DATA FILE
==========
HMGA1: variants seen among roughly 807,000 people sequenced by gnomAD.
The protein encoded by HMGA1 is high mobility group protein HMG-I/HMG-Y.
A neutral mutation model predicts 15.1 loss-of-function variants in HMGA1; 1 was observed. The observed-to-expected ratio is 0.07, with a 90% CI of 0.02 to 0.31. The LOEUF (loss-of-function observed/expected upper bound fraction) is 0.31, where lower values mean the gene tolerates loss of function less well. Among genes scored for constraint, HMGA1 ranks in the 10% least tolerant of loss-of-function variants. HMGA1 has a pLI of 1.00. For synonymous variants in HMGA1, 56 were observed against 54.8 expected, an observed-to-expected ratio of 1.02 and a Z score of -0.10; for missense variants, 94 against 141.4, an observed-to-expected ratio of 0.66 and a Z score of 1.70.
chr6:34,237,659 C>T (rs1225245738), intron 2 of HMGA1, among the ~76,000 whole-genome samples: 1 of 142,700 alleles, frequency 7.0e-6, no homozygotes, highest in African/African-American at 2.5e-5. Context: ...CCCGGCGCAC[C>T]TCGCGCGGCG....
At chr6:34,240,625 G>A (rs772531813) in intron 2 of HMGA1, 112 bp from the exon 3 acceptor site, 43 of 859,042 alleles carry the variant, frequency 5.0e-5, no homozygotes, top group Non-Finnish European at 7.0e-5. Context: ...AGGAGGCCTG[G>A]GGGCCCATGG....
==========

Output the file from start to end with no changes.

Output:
HMGA1: variants seen among roughly 807,000 people sequenced by gnomAD.
The protein encoded by HMGA1 is high mobility group protein HMG-I/HMG-Y.
A neutral mutation model predicts 15.1 loss-of-function variants in HMGA1; 1 was observed. The observed-to-expected ratio is 0.07, with a 90% CI of 0.02 to 0.31. The LOEUF (loss-of-function observed/expected upper bound fraction) is 0.31, where lower values mean the gene tolerates loss of function less well. Among genes scored for constraint, HMGA1 ranks in the 10% least tolerant of loss-of-function variants. HMGA1 has a pLI of 1.00. For synonymous variants in HMGA1, 56 were observed against 54.8 expected, an observed-to-expected ratio of 1.02 and a Z score of -0.10; for missense variants, 94 against 141.4, an observed-to-expected ratio of 0.66 and a Z score of 1.70.
chr6:34,237,659 C>T (rs1225245738), intron 2 of HMGA1, among the ~76,000 whole-genome samples: 1 of 142,700 alleles, frequency 7.0e-6, no homozygotes, highest in African/African-American at 2.5e-5. Context: ...CCCGGCGCAC[C>T]TCGCGCGGCG....
At chr6:34,240,625 G>A (rs772531813) in intron 2 of HMGA1, 112 bp from the exon 3 acceptor site, 43 of 859,042 alleles carry the variant, frequency 5.0e-5, no homozygotes, top group Non-Finnish European at 7.0e-5. Context: ...AGGAGGCCTG[G>A]GGGCCCATGG....